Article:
Pride is poison. For most people, it slowly seeps in without much notice until it is too late. Uzziah became strong because of all of the machines he had for protection. They used the machines on the towers and on the corners to shoot arrows and big stones at enemies.
Uzziah sought the Lord and God prospered him. He had this great protection, but the safety and security bore pride in him. Uzziah was famous because of God. Uzziah was protected because of God. But then he became “arrogant and proud, he fell.” Things went to his head just like they go to our heads.
As pride got the best of him, Uzziah went into the Temple and he acted “like he owned it and took over.” This was the place God’s name resided. This was the Temple of God. There were rules. There were priests consecrated for this work. But Uzziah walked in there like he could do anything. He ended up being “unfaithful and a disgrace.” He forgot God prospered him. He forgot God is holy. He forgot all of this because he was full of himself. Remember my friend, you don’t own it—you don’t own anything. Continue to be thankful for how God has prospered you and never forget we are to be humble servants. No one is better than another—and only God deserves honor and praise.
“But then the strength and success went to his head. Arrogant and proud, he fell. One day, contemptuous of God, he walked into The Temple of God like he owned it and took over, burning incense on the Incense Altar. The priest Azariah, backed up by eighty brave priests of God, tried to prevent him. They confronted Uzziah: ‘You must not, you cannot do this, Uzziah—only the Aaronite priests, especially consecrated for the work, are permitted to burn incense. Get out of God’s Temple; you are unfaithful and a disgrace!’”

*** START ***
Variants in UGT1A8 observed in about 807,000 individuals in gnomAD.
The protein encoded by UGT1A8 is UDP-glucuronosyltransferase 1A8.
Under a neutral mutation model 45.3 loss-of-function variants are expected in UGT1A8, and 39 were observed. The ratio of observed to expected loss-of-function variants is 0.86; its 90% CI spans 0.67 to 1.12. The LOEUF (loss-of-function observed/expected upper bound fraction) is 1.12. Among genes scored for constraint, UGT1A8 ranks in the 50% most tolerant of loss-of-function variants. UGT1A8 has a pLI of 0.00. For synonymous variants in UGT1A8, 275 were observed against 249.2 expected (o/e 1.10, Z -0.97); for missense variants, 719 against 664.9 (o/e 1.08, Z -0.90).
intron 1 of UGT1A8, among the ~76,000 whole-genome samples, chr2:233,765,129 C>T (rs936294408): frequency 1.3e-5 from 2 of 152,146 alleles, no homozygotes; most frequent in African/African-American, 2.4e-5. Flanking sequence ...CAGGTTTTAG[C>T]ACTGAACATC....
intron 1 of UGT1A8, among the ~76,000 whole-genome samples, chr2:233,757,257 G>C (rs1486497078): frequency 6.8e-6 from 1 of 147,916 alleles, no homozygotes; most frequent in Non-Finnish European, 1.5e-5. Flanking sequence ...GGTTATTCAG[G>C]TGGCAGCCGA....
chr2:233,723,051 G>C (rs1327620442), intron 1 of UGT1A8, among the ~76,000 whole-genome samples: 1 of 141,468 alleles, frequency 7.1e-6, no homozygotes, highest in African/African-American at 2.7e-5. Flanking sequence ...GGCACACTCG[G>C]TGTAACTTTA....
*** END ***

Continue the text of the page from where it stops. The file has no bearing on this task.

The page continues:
– 2 Chronicles 26:16-18 [MSG]
“David reigned over all Israel, doing what was just and right for all his people.” – 2 Samuel 8:15
When I read this verse yesterday, I read it over a few times and focused on three words: just, right, all. It can also be seen as “justice and equality,” “judgment and righteousness,” and the word “fair” is even used (ESV, Youngs, GW). When we look at our leadership today, do we see these things? When we look at our government, do we see these things? I’m not going to respond further to the recent news, the recent questions that have arisen. If you are a leader yourself at work or church, could someone see these things with your leadership? If you are a parent, are these things evident?
Saul was king before David, and nowhere do we read that he was “doing what was just and right for all his people.” As we look at King Saul, we see impulsiveness, we see a man who did not have a heart for the Lord. When we look at David, we read again and again that he inquired of the Lord, and that he was a man after God’s heart. He had a whole heart for the Lord. As a result, he tried to do what was “just and right for all his people.”
There is a lot of news in politics today, having nothing to do with fair leading and justice, but a lot to do with possible scandals. There is unfairness in the workplace and even at church. In our homes, there is at times favoritism and injustice.
Today, let us focus our eyes on the Lord and inquire of the Lord just like David did again and again. As you get closer to Him, you will find that you will have no part in other things, but you will only want to be “doing what was just and right” with everything you touch.